Eliminating all itemized deductions would yield about $2 trillion of additional revenue over ten years if we cut all rates by 20 percent and eliminate the AMT. Capping deductions would generate less additional revenue, and the higher the cap, the smaller the gain. Limiting deductions to $17,000 would increase revenues by nearly $1.7 trillion over ten years. A $25,000 cap would yield roughly $1.3 trillion and a $50,000 cap would raise only about $760 billion...The study does state an obvious point: the higher the cap on deductions the more it costs the wealthy. But it falls far short of the revenue "neutrality" Romney claims. If he means to achieve a twenty percent across the board tax cut as he says (today, anyway. What time is it?), and increases defense spending as promised as well, there'll need to be really drastic cuts in domestic spending. Which ones? Where? Other than PBS and Planned Parenthood, he remains silent.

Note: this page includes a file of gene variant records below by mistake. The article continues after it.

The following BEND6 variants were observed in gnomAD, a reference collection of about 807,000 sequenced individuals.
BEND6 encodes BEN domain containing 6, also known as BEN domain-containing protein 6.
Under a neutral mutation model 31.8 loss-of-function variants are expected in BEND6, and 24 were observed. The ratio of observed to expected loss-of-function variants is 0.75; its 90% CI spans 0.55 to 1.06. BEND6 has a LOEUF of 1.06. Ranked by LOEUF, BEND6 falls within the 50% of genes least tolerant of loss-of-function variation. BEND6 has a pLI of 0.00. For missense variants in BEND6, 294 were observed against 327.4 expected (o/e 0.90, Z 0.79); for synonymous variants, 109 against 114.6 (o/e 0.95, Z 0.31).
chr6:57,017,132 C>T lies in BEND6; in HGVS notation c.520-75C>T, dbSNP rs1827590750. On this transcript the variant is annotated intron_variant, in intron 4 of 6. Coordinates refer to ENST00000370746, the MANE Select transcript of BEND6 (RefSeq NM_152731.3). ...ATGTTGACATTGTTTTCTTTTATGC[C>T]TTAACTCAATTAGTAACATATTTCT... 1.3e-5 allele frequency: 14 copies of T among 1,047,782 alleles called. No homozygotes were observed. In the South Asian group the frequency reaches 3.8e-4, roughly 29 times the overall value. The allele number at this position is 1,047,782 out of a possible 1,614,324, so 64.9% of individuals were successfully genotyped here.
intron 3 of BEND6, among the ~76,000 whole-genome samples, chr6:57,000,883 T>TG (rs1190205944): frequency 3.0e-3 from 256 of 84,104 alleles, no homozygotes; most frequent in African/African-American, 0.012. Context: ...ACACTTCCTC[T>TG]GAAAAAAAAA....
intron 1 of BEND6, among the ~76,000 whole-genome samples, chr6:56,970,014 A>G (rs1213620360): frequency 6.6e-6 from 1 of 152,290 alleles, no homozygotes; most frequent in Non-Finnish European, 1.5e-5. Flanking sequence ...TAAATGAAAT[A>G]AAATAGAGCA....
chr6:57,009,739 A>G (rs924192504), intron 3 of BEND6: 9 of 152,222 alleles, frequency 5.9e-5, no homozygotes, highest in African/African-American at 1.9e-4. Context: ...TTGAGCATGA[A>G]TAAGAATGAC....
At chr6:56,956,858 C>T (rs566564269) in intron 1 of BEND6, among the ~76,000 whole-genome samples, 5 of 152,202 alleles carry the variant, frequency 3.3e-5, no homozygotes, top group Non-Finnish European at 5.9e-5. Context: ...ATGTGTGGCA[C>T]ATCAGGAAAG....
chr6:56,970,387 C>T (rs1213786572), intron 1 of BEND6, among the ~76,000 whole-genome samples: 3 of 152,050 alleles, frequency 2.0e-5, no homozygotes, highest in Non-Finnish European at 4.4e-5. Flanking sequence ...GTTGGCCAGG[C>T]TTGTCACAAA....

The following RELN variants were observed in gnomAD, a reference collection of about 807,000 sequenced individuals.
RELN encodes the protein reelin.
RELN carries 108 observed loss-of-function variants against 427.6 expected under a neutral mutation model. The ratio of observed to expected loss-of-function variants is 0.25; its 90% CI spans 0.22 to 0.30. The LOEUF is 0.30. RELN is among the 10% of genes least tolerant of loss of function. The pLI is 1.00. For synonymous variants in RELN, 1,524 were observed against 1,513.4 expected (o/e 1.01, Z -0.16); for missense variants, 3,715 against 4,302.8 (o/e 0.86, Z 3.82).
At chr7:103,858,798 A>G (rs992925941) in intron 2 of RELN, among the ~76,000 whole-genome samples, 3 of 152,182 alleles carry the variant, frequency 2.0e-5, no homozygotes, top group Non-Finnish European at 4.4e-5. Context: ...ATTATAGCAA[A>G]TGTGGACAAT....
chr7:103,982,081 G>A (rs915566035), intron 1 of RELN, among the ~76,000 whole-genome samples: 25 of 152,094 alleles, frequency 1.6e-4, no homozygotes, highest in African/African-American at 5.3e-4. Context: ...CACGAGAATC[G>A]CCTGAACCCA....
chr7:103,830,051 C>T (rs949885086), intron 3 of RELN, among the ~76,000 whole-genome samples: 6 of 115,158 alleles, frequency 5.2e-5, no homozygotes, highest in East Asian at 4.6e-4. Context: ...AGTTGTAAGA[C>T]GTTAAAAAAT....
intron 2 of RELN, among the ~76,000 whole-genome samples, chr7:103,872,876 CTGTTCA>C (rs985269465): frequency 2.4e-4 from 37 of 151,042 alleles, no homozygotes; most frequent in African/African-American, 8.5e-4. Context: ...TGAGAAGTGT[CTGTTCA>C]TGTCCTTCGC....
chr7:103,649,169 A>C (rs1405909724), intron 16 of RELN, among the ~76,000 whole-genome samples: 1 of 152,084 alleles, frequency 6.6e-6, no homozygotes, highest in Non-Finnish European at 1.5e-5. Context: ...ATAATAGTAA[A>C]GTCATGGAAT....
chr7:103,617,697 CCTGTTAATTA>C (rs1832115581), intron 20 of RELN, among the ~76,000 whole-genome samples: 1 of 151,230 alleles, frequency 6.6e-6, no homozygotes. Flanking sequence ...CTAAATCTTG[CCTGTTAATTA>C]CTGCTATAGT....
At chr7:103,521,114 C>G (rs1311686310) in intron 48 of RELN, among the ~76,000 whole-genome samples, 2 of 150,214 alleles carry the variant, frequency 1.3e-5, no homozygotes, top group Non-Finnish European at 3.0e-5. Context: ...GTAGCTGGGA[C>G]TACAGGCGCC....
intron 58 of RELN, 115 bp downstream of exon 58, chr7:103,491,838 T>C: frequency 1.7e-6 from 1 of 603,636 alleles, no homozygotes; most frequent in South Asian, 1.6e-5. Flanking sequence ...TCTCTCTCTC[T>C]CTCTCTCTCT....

...Suggesting limits on deductions was Governor Romney’s first public statement about how he might offset the revenue lost by cutting tax rates. Without more specifics, we can’t say how much revenue such limits would actually raise. But these new estimates suggest that Romney will need to do much more than capping itemized deductions to pay for the roughly $5 trillion in rate cuts and other tax benefits he has proposed.